Holy Land

Regarding Israel and the End Times, what is Dispensationalism? What is the rapture?

Regarding Israel and the End Times, what is Dispensationalism? What is the rapture?


Regarding Israel and Bible prophecies about the End Times, what are the meanings of such terms as Dispensationalism, the rapture, premillennialism, the great tribulation,  pre-tribulationism and Armageddon?


A March 31 New York Times article on how religion may influence U.S. Secretary of State Mike Pompeo’s approach toward Israel had this headline: “The Rapture and the Real World: Pompeo Mixes Beliefs and Policy.”

One key point was that the then-Congressman told a religious audience in 2015 that humanity faces “a never-ending struggle” until “the rapture.” Yes, think “Left Behind” books and movies.

The move of the United States embassy to Jerusalem, and U.S. recognition of Israel’s sovereignty over Syria’s Golan Heights, were thought to boost both President Donald Trump’s evangelical support and Prime Minister Binyamin Netanyahu’s April 9 election prospects. Analyzing those decisions, the Times explained that “white evangelicals,” Pompeo included, believe “God promised the land to the Jews, and that the gathering of Jews in Israel is foretold in the prophecy of the rapture — the ascent of Christians into the kingdom of God.”

The Times wording was truthy but confusing, and the standard rapture belief is not taught by evangelicalism as a whole — but only one segment. Also, the “white evangelical” reference is strange, since this doctrine can be found in quite a few different kinds of evangelical sanctuaries.

So let’s unpack some elements of these complex matters.

Secretary Pompeo is a member of the Michigan-based Evangelical Presbyterian Church, a small body (89,190 members, 207 congregations) that forsook the more liberal Presbyterian Church (USA) in 1981. It upholds the Westminster Confession and catechisms proclaimed by British clergy and politicians assembled by Parliament in the mid-17th Century. Churches that follow such Reformation-era credos affirm Jesus’s Second Coming and the Last Judgment, but not the modern rapture belief formulated two centuries later.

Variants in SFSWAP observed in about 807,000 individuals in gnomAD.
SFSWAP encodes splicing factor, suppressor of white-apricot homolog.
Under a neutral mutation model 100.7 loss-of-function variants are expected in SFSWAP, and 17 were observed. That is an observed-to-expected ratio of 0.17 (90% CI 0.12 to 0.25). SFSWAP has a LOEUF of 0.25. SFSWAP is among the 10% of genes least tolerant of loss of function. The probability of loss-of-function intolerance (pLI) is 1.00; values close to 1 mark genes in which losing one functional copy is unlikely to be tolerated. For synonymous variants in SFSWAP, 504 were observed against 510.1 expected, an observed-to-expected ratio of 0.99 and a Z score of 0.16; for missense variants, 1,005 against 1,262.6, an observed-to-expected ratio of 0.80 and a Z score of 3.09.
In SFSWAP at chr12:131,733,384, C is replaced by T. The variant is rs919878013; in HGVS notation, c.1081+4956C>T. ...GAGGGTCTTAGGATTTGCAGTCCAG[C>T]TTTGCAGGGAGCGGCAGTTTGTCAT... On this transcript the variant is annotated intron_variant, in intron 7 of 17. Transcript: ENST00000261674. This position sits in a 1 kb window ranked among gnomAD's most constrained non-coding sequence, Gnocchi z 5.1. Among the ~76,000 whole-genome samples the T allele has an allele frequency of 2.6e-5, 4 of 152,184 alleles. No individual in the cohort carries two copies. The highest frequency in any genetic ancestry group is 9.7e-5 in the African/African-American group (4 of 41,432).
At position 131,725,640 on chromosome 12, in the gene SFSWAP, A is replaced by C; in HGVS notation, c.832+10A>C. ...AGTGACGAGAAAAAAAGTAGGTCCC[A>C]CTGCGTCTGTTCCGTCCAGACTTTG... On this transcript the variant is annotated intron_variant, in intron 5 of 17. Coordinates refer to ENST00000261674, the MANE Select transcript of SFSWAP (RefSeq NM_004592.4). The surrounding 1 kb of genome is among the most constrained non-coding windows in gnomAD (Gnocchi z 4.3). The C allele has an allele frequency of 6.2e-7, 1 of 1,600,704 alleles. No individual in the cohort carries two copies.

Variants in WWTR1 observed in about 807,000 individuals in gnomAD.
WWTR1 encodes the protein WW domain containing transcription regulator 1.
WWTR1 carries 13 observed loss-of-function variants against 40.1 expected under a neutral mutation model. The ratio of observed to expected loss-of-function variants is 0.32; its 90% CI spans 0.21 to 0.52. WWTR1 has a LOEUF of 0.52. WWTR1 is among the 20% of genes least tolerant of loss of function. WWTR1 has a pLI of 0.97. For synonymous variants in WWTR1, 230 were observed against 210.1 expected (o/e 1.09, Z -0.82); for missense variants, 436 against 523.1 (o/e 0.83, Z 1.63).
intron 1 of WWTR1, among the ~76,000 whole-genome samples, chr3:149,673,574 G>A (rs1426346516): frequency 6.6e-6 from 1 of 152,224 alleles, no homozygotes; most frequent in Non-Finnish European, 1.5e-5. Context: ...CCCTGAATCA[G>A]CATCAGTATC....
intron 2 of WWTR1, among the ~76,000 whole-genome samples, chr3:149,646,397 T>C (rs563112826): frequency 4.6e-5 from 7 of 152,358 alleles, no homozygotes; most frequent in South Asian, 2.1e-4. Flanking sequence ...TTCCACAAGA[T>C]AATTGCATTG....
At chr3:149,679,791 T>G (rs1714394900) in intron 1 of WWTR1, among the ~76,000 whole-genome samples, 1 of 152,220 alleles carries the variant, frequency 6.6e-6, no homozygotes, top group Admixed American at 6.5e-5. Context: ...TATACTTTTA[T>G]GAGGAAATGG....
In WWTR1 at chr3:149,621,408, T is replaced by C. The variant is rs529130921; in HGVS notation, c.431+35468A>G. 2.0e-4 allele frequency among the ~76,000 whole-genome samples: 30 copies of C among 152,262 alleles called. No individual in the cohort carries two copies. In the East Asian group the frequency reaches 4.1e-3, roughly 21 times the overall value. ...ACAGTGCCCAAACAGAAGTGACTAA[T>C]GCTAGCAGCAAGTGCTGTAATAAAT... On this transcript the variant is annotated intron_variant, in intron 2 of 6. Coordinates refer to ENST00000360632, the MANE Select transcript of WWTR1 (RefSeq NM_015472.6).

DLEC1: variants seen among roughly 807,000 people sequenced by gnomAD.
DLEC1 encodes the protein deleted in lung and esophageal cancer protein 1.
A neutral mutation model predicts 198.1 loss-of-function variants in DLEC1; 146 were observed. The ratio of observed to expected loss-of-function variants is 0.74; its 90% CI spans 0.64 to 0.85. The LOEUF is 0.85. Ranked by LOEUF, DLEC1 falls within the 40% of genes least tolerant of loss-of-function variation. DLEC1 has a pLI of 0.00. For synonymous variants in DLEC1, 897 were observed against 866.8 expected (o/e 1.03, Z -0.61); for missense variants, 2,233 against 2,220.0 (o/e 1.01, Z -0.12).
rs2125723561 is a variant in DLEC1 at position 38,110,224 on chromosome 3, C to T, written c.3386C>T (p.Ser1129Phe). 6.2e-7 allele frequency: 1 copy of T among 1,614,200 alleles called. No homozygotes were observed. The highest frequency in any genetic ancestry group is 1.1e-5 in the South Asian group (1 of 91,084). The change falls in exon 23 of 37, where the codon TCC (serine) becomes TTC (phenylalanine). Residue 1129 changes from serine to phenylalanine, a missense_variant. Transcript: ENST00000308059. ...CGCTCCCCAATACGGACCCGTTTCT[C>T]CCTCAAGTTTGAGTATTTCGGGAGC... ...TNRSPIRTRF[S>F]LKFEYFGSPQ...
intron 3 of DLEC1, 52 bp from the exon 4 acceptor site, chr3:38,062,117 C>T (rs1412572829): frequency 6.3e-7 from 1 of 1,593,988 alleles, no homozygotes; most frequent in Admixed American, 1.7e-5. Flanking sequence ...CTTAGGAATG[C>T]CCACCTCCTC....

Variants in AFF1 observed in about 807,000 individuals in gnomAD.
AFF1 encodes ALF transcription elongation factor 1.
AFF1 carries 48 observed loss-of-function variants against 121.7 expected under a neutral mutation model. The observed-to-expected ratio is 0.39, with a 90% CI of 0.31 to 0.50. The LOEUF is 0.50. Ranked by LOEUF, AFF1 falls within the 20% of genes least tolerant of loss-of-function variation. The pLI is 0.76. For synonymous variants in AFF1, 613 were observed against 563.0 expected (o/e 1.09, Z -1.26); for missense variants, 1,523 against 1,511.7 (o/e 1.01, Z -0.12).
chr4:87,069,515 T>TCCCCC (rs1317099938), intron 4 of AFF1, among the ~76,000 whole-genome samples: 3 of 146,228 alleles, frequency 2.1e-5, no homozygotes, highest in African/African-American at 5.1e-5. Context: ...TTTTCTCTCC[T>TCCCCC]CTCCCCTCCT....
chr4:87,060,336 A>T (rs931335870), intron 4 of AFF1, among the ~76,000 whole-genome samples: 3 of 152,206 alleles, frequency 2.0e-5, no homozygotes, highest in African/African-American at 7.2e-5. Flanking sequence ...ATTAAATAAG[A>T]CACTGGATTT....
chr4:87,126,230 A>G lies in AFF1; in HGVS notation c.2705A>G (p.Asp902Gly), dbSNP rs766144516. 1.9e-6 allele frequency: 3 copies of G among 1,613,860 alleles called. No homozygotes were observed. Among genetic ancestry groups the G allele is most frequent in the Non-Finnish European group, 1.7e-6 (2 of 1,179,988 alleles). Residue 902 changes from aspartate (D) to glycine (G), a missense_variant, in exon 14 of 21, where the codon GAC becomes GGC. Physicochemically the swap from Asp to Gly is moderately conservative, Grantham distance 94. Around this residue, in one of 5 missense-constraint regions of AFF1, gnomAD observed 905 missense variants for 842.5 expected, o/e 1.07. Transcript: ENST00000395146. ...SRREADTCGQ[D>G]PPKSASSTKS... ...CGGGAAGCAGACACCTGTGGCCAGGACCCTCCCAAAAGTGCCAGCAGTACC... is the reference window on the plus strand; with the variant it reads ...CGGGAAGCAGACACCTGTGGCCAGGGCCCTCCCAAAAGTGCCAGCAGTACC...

Please respect our Commenting Policy

An issue lurking in some news stories: In Old Testament, was God guilty of 'genocide'?

An issue lurking in some news stories: In Old Testament, was God guilty of 'genocide'?

The Religion Guy poses this complex historical question himself instead of the customary answer to an item posted via “Send Your Questions In” -- new submissions very much welcomed.

There’s been important debate on this issue recently, and a new book proposes sweeping reinterpretation of the Old Testament depiction of Israel’s “Conquest” of the Holy Land under Joshua. More on that below.

Richard Dawkins, a fervent foe of religion, indicts the biblical God for inciting “genocide” in the Bible’s conquest passages and verses like Deuteronomy 20:16-18 that direct believers to wipe out neighboring populations. Many U.S. Jews and Christians frankly admit this material is troubling.

Let’s begin with three standard Jewish commentaries on those Deuteronomy verses.

“Pentateuch & Haftorahs,” a classic Orthodox compilation by J.H. Hertz, Britain’s longtime chief rabbi, observes that Joshua informed Canaanites before the invasion so they could flee bloodshed, offered peace to all, and only waged combat if they insisted on it. (That was relatively humane for violent times 3,000 years ago.)

The quest for a homeland, the commentary observes, is part of all human history including most European nations. Israel added to that the “ethical justification” of countering Canaan’s “depravity,” for instance human sacrifice. Moreover, “the whole moral and spiritual future of mankind was involved.”

Please respect our Commenting Policy